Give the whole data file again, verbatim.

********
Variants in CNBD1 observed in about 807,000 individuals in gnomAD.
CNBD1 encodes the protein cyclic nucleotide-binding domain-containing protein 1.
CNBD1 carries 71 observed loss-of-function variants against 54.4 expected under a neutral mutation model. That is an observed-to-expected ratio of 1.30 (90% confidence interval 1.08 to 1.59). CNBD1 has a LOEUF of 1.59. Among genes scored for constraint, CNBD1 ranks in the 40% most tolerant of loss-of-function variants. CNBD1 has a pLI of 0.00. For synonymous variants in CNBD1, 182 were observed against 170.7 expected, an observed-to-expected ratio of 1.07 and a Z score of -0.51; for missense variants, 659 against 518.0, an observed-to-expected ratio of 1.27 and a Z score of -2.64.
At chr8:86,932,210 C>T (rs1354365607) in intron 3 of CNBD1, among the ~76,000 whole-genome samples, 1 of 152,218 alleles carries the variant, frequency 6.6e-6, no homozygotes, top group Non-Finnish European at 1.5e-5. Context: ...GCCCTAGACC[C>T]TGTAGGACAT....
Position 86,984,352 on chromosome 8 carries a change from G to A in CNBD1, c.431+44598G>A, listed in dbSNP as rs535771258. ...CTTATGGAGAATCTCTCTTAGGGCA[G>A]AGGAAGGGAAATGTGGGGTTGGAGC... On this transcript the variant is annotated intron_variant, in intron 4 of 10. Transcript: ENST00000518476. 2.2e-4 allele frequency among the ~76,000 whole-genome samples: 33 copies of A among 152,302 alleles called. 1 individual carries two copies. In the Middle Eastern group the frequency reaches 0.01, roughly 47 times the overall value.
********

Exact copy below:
Variants in CNBD1 observed in about 807,000 individuals in gnomAD.
CNBD1 encodes the protein cyclic nucleotide-binding domain-containing protein 1.
CNBD1 carries 71 observed loss-of-function variants against 54.4 expected under a neutral mutation model. That is an observed-to-expected ratio of 1.30 (90% confidence interval 1.08 to 1.59). CNBD1 has a LOEUF of 1.59. Among genes scored for constraint, CNBD1 ranks in the 40% most tolerant of loss-of-function variants. CNBD1 has a pLI of 0.00. For synonymous variants in CNBD1, 182 were observed against 170.7 expected, an observed-to-expected ratio of 1.07 and a Z score of -0.51; for missense variants, 659 against 518.0, an observed-to-expected ratio of 1.27 and a Z score of -2.64.
At chr8:86,932,210 C>T (rs1354365607) in intron 3 of CNBD1, among the ~76,000 whole-genome samples, 1 of 152,218 alleles carries the variant, frequency 6.6e-6, no homozygotes, top group Non-Finnish European at 1.5e-5. Context: ...GCCCTAGACC[C>T]TGTAGGACAT....
Position 86,984,352 on chromosome 8 carries a change from G to A in CNBD1, c.431+44598G>A, listed in dbSNP as rs535771258. ...CTTATGGAGAATCTCTCTTAGGGCA[G>A]AGGAAGGGAAATGTGGGGTTGGAGC... On this transcript the variant is annotated intron_variant, in intron 4 of 10. Transcript: ENST00000518476. 2.2e-4 allele frequency among the ~76,000 whole-genome samples: 33 copies of A among 152,302 alleles called. 1 individual carries two copies. In the Middle Eastern group the frequency reaches 0.01, roughly 47 times the overall value.